April 12, 2020
The fast is over, let the feast begin. Alleluia, alleluia. From this vantage point, I see you, all of you. You are represented by names and Easter symbols — the pews filled with memories and stories, life and death, joy and sorrow. In these days of Coronavirus there is a reordering of all of these realities, for we have time for recounting as we shelter in place. Today, however we will shelter in the arms of a loving God who has taken the mess of our humanity and redeemed it once and for all. We will abide in the shelter of each other, gathered virtually as we remember the people and the stories that are enfolded into all our Easter days.
The fast is over, let the feasting begin. So today, I invite you to remember your own Easter days. To redeem the losses of this time, many families will need special care, those of us who have simply been inconvenienced must not forget the trials and tribulations of others — patience will be required. Many who are ready to rush back into normal will need to be reminded that there will be a new normal. What all of us must remember is that this time is a great cosmic pause — we must be willing to be a new people in light of this new reality. If we do not, God will, for we are challenged our a life of offering as the beloved and redeemed children of God, and we are called to be use to God — to serve, to be people of compassion and forgiveness — this is a life of Grace. Today, we are reminded
Last night I participated in the Great Vigil — it’s the first time I’ve participated in my pajamas. The Bishop struck the new fire in the darkened Cathedral and with a burst of energy, the fire blazed and the Paschal Candle was lit anew. Last night and this morning we gather to celebrate the great good news. From George McDonald comes these words describing to us the journey of Jesus:
In the sickness of his agony, the will of Jesus arises perfect at last;
and of itself, unsupported now, declares for God,
in defiance of pain, of death, of apathy, of self, of negation,
of the blackness within and around it;
calls aloud upon the vanished God.
And on that dreadful day it seemed that God has vanished. But I have another thought. God did not vanish, instead I believe that in the sigh of Jesus’ last breath, all creation came to a standstill — shattered by the cruel human consciousness that could not tolerate the goodness of this one man, Jesus. Dragged down by the conscious defiance of humanity there was a great cosmic pause, creation groaned as Paul puts it, and then God spoke the Word again — “Let there be light!” And in the timeless eternity that is God there was light and out of the earth, newly consecrated with the blood of the crucified, Jesus rose, a new creation.
In the particularity of that dreadful death, God acted and the second Adam, radiant with light, rose and the darkness vanished and death had lost its power to restrain him. In the only words that could explain this moment, we hear that there was a great earthquake. What else could be said? For how do we recount something so wondrous and incomprehensible to mere mortals? There was a great earthquake and an angel of the Lord descended from heaven and the stone rolled back and the women at the tomb heard the words of comfort. And Mary goes to the disciples and says, “I have seen the Lord.”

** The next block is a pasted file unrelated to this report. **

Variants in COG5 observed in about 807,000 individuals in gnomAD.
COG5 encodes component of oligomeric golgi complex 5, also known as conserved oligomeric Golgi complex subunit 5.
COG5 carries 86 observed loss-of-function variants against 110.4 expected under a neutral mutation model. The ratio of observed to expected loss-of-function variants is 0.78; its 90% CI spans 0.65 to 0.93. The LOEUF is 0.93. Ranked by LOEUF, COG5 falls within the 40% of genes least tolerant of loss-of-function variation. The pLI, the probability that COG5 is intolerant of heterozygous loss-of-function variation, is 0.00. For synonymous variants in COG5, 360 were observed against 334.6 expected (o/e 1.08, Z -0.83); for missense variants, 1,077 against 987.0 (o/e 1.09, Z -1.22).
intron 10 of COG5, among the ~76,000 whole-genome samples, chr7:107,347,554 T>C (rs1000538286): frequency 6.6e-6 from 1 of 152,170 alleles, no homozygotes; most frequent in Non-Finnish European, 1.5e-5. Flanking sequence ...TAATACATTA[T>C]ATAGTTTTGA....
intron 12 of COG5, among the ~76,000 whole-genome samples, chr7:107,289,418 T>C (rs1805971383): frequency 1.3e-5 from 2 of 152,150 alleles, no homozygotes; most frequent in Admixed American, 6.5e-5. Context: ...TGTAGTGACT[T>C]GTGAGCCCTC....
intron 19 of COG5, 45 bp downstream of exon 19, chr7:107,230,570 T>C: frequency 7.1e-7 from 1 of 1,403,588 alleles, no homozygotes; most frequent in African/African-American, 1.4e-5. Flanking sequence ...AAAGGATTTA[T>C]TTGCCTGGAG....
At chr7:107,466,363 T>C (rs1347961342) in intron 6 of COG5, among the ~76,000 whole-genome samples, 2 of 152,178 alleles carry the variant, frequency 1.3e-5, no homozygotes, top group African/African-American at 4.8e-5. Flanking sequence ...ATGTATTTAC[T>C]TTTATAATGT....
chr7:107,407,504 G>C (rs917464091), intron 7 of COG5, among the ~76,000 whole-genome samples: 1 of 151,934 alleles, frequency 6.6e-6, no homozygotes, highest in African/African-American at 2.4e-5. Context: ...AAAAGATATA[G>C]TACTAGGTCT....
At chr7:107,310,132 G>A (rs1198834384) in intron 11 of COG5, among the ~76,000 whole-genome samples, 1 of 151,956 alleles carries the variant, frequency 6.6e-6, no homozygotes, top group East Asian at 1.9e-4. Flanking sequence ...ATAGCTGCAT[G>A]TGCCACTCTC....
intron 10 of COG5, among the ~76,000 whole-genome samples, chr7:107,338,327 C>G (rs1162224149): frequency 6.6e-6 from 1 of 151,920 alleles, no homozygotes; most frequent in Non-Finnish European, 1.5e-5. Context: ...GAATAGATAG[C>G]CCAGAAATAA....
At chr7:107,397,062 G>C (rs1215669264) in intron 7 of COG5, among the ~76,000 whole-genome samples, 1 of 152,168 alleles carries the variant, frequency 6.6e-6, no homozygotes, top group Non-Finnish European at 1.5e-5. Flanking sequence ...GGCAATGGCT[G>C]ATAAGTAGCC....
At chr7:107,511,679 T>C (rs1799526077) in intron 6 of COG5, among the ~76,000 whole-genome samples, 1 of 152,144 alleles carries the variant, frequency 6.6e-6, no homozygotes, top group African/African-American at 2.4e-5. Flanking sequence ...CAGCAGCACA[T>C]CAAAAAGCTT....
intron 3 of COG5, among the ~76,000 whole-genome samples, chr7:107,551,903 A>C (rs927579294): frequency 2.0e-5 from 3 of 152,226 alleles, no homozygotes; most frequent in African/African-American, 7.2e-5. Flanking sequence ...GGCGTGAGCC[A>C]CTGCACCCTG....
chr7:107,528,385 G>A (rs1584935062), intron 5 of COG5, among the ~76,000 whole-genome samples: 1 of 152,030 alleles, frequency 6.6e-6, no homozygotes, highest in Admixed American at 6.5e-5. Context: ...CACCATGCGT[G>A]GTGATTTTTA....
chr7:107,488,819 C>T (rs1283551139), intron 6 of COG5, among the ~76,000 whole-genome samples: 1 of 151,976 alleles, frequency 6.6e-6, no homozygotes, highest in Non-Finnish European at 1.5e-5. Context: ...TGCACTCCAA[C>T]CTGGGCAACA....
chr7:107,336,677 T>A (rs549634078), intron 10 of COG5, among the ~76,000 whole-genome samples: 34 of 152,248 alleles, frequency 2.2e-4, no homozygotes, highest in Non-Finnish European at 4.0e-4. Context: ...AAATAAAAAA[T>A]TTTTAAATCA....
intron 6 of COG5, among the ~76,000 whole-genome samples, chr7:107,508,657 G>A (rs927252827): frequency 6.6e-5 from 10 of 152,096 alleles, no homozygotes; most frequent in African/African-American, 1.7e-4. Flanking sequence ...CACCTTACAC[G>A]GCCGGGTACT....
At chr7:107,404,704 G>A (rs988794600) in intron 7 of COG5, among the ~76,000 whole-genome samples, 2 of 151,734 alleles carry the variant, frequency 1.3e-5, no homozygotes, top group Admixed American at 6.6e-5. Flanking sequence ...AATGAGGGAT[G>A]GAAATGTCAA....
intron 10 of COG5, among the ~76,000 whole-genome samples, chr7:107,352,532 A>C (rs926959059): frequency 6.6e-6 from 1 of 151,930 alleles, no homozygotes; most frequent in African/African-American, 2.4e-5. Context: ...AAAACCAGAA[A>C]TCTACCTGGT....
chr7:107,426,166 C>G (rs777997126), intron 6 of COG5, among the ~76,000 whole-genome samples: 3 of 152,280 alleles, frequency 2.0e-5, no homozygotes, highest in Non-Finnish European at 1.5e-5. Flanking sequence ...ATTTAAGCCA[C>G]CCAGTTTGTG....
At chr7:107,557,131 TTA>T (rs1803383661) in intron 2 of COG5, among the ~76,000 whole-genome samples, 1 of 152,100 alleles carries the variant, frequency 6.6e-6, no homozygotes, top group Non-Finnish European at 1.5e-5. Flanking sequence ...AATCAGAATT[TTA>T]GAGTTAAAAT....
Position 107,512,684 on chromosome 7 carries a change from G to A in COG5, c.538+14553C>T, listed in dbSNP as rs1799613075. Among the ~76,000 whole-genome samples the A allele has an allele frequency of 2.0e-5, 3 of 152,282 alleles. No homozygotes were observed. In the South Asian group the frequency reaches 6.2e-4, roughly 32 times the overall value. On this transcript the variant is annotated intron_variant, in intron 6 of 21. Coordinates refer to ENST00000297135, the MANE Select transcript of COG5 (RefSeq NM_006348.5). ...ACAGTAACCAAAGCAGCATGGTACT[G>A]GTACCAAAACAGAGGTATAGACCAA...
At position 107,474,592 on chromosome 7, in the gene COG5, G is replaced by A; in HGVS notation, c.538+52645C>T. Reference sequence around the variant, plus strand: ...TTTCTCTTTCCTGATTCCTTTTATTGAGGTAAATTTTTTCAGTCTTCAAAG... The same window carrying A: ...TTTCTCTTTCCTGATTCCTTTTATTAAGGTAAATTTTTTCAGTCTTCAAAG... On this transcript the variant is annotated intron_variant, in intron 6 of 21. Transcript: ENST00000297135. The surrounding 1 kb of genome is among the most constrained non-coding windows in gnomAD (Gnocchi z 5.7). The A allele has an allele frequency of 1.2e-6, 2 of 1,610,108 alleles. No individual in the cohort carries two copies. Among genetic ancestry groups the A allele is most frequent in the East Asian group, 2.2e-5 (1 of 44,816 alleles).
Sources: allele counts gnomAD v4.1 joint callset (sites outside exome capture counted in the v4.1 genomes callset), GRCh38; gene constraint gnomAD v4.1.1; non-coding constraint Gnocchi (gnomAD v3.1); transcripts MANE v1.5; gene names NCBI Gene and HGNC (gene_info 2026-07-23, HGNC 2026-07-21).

What has happened? Could it be a new beginning and a new creation? Could God have stopped the whole horrific nightmare and said let there be light, and we get to start over — we get a second chance? And in this second chance, we get to know the great secret, what up to that moment had only been a wish — death does not have the last word. Can knowing this truth send us down a different path? Can this journey that started with creation and a star and angels and dreams and wise men kings and a watery baptism and teaching and feasting and serving and finally a trip down the mountain into the valley of the shadow of death, be our to take as well?
Here is the answer: That perfect will of Jesus took the whole journey for us, crying out for God on our behalf so that now we know it all — we have seen the mystery of the universe revealed before our very eyes. This isn’t the end but only the beginning. In the sickness of his agony, the will of Jesus arises perfect at last; and of itself, unsupported now, declares to God! And in a cataclysmic moment, God speaks the Word again — Let there be light! And in the moment of radical transformation, creation is reborn and this time, creation is reborn in an image seared into the hearts and minds of all humankind. Jesus, the itinerant teacher is transformed: the Christ within his shattered body blazes forth, exploding into the universe — He is risen!
The blackened tomb is filled with radiant light, like unto the sun, blazing, blinding, life giving. He is the first born of this new creation and we are the recipients of his nourishing presence. The first gift is the knowledge that death cannot hold sway over us. The great secret that eluded the children of Adam is revealed. In our quest to be God, we dared to touch the sun and fell from grace. Conscious of death, fear ruled our hearts and alienation, our days. But now, the truth has been set free and out of the darkness of the tomb, humankind is liberated by the perfect will of Jesus the Christ. Jesus is alive! It is too awesome a truth, too wondrous to believe and yet, they experienced his risen body, glorious and eternal.
And we, too, will experience such a miracle in these days of coronavirus, if only we are willing to see.